Majority of voters believe Garda Commissioner should resign

‘Irish Times’/Ipsos MRBI opinion poll finds nearly 60% want Nóirín O’Sullivan to step down

Garda Commissioner Nóirín O’Sullivan delivers her opening statement to the Oireachtas Justice Committee on the recent data falsification controversies to hit An Garda Síochána

 

A clear majority of voters believe the Garda Commissioner Nóirín O’Sullivan should resign, according to the latest Irish Times/Ipsos MRBI opinion poll.

Asked if the Commissioner should resign or not in the light of recent controversies, 57 per cent of respondents said that Ms O’Sullivan should resign. Just under one-quarter of voters (23 per cent) said she should not resign, while 19 per cent did not state an opinion.

Ms O’Sullivan has been the subject of a series of controversies, with a number of inquiries – including a tribunal of inquiry – under way into aspects of Garda management, performance and alleged malpractice.

The Sunday Times reported that a mobile phone used by the Commissioner had gone missing. It was sought by the Charleton Tribunal in its inquiry into allegations that the whistleblower Maurice McCabe was smeared by management including Ms O’Sullivan.

Opposition leaders, including the Fianna Fáil leader Micheál Martin, the Sinn Féin leader Gerry Adams and the Labour leader Brendan Howlin have called for the Commissioner to step down, though the Government continues to express confidence in her.

Fine Gael voters are most supportive of the Commissioner, though even among supporters of the Government party almost half say she should resign. Among Fine Gael voters, 47 per cent say she should resign, against 37 per cent who say she should not, and 16 per cent who expressed no opinion.

Among Fianna Fáil voters, 61 per cent say Ms O’Sullivan should step down, while among Labour and Sinn Féin, two-thirds (67 per cent in both cases) say she should go.

The poll was conducted on Tuesday and Wednesday of last week among a representative sample of 1,200 voters aged 18 and over in face-to-face interviews at 100 sampling points in all constituencies. The margin of error is plus or minus 2.8 per cent.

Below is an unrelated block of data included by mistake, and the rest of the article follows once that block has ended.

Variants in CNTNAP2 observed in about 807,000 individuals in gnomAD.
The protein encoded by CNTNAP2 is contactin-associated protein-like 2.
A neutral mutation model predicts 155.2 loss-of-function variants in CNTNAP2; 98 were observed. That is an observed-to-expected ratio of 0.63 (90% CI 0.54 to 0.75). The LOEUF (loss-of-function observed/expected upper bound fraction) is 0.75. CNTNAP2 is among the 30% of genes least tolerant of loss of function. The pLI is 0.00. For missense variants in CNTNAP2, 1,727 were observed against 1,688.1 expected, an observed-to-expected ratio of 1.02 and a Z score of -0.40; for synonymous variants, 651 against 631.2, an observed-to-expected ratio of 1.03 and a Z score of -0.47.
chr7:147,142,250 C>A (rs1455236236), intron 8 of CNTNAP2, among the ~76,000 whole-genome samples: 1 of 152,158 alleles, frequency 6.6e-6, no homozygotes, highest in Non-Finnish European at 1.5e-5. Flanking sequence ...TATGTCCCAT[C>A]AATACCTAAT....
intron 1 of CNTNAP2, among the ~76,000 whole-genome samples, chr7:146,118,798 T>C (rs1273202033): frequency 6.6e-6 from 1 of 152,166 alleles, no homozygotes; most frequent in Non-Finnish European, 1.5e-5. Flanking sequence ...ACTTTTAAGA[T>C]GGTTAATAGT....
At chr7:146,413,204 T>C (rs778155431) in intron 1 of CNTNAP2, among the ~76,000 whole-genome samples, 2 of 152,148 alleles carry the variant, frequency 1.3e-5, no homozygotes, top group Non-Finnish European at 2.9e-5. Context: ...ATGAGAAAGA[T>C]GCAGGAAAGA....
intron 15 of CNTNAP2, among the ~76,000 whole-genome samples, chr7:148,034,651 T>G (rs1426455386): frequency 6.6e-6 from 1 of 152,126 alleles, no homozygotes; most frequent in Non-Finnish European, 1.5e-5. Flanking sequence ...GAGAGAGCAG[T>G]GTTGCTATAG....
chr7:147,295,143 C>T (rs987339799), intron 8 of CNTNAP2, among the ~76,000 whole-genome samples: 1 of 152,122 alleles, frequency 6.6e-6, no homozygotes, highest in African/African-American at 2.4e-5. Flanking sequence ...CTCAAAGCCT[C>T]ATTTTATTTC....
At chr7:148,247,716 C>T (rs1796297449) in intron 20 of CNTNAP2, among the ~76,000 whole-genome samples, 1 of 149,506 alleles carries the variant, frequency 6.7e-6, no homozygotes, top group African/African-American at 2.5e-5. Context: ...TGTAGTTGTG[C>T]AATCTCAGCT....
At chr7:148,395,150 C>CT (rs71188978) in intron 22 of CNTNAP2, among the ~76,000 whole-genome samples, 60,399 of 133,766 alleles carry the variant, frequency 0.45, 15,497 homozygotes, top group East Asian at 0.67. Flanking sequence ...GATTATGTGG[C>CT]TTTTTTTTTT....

Voters in Dublin were least likely to say that the Commissioner should resign, though even here 52 per cent are in favour of resignation, with just over a quarter (27 per cent) saying that the Commissioner should stay.

In Connacht-Ulster, 62 per cent say that the Commissioner should go, while in Munster and in Leinster outside of Dublin, 59 per cent are in favour of resignation. Among social classes, there is little variation in the figures, though farmers (62 per cent) are more likely to say the Commissioner should resign.

Rural voters (60 per cent) are slightly more likely to say she should resign than urban voters (56 per cent).

Missing phone

On Sunday, Garda headquarters declined to comment on the report that a mobile phone used by the Garda Commissioner during the time of the alleged smear campaign against whistleblower Maurice McCabe had gone missing.

A spokeswoman for the gardaí last night instead said the gardaí remained committed to “co-operating fully” with the tribunal.

One senior source said: “A search of Garda headquarters has taken place in recent weeks to try to find the missing phones, but there’s little hope of the material being found at this stage.

Garda HQ does not hold a record of old phones to show what happens them once they are upgraded, so it’s anyone’s guess at this stage as to what may have happened.”

Gardaí are provided with new mobile phones, Sims and upgrades when necessary by the force’s IT department.

The Irish Times understands that no phones have been as of yet handed over to the Charleton tribunal.